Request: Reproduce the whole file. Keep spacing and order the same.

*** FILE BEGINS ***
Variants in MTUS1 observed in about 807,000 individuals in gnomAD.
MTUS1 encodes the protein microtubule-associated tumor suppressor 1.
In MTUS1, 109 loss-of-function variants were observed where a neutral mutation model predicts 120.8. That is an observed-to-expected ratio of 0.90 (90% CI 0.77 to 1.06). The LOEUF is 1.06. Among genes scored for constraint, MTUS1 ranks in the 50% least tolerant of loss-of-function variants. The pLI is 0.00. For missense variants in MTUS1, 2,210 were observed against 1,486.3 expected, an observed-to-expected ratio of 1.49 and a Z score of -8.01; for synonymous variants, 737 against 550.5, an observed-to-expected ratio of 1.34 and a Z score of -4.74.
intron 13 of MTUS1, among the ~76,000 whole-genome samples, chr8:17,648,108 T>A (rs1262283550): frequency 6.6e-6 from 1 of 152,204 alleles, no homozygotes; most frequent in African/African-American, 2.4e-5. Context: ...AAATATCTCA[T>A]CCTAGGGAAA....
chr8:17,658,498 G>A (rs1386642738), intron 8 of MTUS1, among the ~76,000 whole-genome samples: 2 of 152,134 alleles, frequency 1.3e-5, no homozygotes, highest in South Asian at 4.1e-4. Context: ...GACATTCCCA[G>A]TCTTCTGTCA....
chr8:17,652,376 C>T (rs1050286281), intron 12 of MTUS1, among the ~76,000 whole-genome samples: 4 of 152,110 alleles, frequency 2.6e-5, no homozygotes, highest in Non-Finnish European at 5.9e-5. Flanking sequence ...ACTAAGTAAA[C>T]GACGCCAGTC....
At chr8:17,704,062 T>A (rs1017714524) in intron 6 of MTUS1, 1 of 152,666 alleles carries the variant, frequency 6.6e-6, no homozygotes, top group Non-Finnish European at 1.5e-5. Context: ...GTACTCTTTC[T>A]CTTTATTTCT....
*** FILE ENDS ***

Variants in MTUS1 observed in about 807,000 individuals in gnomAD.
MTUS1 encodes the protein microtubule-associated tumor suppressor 1.
In MTUS1, 109 loss-of-function variants were observed where a neutral mutation model predicts 120.8. That is an observed-to-expected ratio of 0.90 (90% CI 0.77 to 1.06). The LOEUF is 1.06. Among genes scored for constraint, MTUS1 ranks in the 50% least tolerant of loss-of-function variants. The pLI is 0.00. For missense variants in MTUS1, 2,210 were observed against 1,486.3 expected, an observed-to-expected ratio of 1.49 and a Z score of -8.01; for synonymous variants, 737 against 550.5, an observed-to-expected ratio of 1.34 and a Z score of -4.74.
intron 13 of MTUS1, among the ~76,000 whole-genome samples, chr8:17,648,108 T>A (rs1262283550): frequency 6.6e-6 from 1 of 152,204 alleles, no homozygotes; most frequent in African/African-American, 2.4e-5. Context: ...AAATATCTCA[T>A]CCTAGGGAAA....
chr8:17,658,498 G>A (rs1386642738), intron 8 of MTUS1, among the ~76,000 whole-genome samples: 2 of 152,134 alleles, frequency 1.3e-5, no homozygotes, highest in South Asian at 4.1e-4. Context: ...GACATTCCCA[G>A]TCTTCTGTCA....
chr8:17,652,376 C>T (rs1050286281), intron 12 of MTUS1, among the ~76,000 whole-genome samples: 4 of 152,110 alleles, frequency 2.6e-5, no homozygotes, highest in Non-Finnish European at 5.9e-5. Flanking sequence ...ACTAAGTAAA[C>T]GACGCCAGTC....
At chr8:17,704,062 T>A (rs1017714524) in intron 6 of MTUS1, 1 of 152,666 alleles carries the variant, frequency 6.6e-6, no homozygotes, top group Non-Finnish European at 1.5e-5. Context: ...GTACTCTTTC[T>A]CTTTATTTCT....